Chapter 14. The Scriptures mentioned by Him.

1. To sum up briefly, he [Clement of Alexandria] has given in the Hypotyposes abridged accounts of all canonical Scripture, not omitting the disputed books, — I refer to Jude and the other Catholic epistles, and Barnabas and the so-called Apocalypse of Peter. Eusebius, Church History, Book VI, Chapter 13. The Writings of Clement



“… Rightly, therefore, the Apostle Barnabas says, From the portion I have received I have done my diligence to send little by little to you; that along with your faith you may also have perfect knowledge. Fear and patience are then helpers of your faith; and our allies are long-suffering and temperance. These, then, he says, in what respects the Lord, continuing in purity, there rejoice along with them, wisdom, understanding, intelligence, knowledge. The fore-mentioned virtues being, then, the elements of knowledge; the result is that faith is more elementary, being as necessary to the Gnostic, as respiration to him that lives in this world is to life. And as without the four elements it is not possible to live, so neither can knowledge be attained without faith. It is then the support of truth.” (Clement of Alexandria, The Stromata, Book II, Chapter 6. The Excellence and Utility of Faith)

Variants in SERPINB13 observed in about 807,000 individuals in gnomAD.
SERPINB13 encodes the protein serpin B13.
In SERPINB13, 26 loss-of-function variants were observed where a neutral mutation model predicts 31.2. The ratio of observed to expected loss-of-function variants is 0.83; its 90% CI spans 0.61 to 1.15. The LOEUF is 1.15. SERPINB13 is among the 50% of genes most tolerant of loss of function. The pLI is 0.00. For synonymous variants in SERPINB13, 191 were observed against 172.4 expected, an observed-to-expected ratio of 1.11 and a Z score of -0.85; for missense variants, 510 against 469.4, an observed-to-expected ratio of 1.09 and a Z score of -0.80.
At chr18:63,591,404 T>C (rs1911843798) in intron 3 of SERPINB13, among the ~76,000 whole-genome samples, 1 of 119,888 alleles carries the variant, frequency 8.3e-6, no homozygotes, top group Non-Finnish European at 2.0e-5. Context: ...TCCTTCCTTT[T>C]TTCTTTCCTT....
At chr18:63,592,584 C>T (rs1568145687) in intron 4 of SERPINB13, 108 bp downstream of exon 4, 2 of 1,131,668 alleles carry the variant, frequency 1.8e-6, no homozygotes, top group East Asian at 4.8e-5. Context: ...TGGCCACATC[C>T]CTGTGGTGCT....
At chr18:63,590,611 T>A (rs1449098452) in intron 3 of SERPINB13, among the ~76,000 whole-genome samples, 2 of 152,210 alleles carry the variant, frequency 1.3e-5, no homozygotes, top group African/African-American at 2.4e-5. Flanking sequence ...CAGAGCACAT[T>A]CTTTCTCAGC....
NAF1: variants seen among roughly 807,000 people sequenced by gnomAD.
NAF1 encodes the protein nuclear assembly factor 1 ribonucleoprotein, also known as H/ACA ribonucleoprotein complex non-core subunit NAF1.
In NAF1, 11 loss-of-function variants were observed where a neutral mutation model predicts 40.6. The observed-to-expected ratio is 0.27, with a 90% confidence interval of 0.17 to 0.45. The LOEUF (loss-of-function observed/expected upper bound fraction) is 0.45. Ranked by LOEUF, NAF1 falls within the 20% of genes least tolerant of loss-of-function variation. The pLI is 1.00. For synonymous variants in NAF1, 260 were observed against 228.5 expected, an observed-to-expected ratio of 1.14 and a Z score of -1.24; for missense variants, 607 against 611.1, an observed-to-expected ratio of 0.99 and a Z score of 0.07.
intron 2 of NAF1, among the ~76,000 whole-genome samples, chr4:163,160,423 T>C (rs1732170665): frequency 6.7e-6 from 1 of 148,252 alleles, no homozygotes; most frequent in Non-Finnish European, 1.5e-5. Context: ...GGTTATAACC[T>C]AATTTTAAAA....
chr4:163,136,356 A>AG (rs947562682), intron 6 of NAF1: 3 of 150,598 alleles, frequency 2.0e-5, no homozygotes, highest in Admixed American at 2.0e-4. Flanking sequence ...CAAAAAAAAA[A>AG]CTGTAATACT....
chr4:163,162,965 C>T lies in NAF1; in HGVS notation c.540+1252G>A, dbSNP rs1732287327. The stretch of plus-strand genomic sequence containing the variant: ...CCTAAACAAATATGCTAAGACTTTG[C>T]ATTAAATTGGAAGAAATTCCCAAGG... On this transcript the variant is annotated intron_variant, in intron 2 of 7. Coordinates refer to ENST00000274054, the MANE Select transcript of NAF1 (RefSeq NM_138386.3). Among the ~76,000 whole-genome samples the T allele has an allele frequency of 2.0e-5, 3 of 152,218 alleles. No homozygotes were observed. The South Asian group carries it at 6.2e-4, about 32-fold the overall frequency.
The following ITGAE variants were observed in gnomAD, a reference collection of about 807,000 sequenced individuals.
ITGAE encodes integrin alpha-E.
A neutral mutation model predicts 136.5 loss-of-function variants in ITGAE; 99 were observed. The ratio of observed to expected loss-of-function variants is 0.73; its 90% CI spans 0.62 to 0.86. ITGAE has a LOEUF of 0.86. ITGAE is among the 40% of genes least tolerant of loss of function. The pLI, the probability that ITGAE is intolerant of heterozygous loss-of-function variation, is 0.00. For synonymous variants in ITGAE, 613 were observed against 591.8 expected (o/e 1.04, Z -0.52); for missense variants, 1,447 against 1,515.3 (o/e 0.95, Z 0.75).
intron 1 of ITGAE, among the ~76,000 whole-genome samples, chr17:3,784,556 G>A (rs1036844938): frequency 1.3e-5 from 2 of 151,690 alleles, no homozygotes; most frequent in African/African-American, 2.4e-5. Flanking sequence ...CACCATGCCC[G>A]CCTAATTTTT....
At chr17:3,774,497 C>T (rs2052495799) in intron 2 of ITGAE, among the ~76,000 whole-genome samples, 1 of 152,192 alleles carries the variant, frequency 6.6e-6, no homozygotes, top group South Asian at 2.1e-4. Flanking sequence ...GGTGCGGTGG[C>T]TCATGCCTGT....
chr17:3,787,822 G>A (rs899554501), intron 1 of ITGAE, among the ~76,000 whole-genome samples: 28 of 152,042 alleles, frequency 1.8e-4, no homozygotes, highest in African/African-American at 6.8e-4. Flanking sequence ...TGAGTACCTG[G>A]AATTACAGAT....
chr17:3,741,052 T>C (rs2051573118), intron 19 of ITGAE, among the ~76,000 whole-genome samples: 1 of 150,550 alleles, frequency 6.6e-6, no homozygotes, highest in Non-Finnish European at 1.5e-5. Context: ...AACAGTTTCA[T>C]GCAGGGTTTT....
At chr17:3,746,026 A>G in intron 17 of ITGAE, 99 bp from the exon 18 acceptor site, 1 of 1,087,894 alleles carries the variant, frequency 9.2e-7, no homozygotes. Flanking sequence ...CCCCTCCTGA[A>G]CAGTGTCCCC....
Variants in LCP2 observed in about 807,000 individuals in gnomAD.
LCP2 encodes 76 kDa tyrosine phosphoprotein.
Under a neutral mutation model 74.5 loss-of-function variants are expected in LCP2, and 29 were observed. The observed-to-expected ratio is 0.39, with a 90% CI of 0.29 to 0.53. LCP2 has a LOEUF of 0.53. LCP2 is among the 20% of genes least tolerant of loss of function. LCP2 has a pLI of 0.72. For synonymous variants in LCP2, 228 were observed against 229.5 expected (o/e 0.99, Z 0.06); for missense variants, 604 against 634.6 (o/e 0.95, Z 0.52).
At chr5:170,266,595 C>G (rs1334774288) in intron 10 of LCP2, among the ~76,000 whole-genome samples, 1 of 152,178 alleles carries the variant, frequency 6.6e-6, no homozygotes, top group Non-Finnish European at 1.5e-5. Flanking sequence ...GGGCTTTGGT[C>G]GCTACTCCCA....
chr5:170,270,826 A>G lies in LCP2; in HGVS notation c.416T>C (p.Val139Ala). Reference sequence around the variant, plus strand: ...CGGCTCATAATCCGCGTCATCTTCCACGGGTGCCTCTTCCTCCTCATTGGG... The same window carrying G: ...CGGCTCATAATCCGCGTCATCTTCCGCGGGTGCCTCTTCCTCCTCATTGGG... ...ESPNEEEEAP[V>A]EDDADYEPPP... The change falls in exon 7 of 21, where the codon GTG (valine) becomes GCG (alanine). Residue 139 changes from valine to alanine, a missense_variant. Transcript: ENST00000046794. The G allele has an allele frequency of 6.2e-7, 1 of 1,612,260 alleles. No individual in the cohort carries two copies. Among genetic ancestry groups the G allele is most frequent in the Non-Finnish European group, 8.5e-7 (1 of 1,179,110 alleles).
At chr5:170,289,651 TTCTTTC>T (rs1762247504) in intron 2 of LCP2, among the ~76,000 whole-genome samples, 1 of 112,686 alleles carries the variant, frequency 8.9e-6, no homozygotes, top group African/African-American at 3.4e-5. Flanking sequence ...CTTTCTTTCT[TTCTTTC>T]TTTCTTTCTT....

Let us see what terrors the law announces. If it is the things which hold an intermediate place between virtue and vice, such as poverty, disease, obscurity, and humble birth, and the like, these things civil laws hold forth, and are praised for so doing. And those of the Peripatetic school, who introduce three kinds of good things, and think that their opposites are evil, this opinion suits. But the law given to us enjoins us to shun what are in reality bad things — adultery, uncleanness, pederasty, ignorance, wickedness, soul-disease, death (not that which severs the soul from the body, but that which severs the soul from truth). For these are vices in reality, and the workings that proceed from them are dreadful and terrible. For not unjustly, say the divine oracles, are the nets spread for birds; for they who are accomplices in blood treasure up evils to themselves. How, then, is the law still said to be not good by certain heresies that clamorously appeal to the apostle, who says, For by the law is the knowledge of sin? Romans 3:20 To whom we say, The law did not cause, but showed sin. For, enjoining what is to be done, it reprehended what ought not to be done. And it is the part of the good to teach what is salutary, and to point out what is deleterious; and to counsel the practice of the one, and to command to shun the other. Now the apostle, whom they do not comprehend, said that by the law the knowledge of sin was manifested, not that from it it derived its existence. And how can the law be not good, which trains, which is given as the instructor (παιδαγωγός) to Christ, Galatians 3:24 that being corrected by fear, in the way of discipline, in order to the attainment of the perfection which is by Christ? I will not, it is said, the death of the sinner, as his repentance. Now the commandment works repentance; inasmuch as it deters from what ought not to be done, and enjoins good deeds. By ignorance he means, in my opinion, death. And he that is near the Lord is full of stripes. Judith 8:27 Plainly, he, that draws near to knowledge, has the benefit of perils, fears, troubles, afflictions, by reason of his desire for the truth. For the son who is instructed turns out wise, and an intelligent son is saved from burning. And an intelligent son will receive the commandments. And Barnabas the apostle having said, Woe to those who are wise in their own conceits, clever in their own eyes, Isaiah 5:21 added, Let us become spiritual, a perfect temple to God; let us, as far as in us lies, practice the fear of God, and strive to keep His commands, that we may rejoice in His judgments. Whence the fear of God is divinely said to be the beginning of wisdom. Proverbs 1:7 (Ibid., Chapter 7. The Utility of Fear. Objections Answered)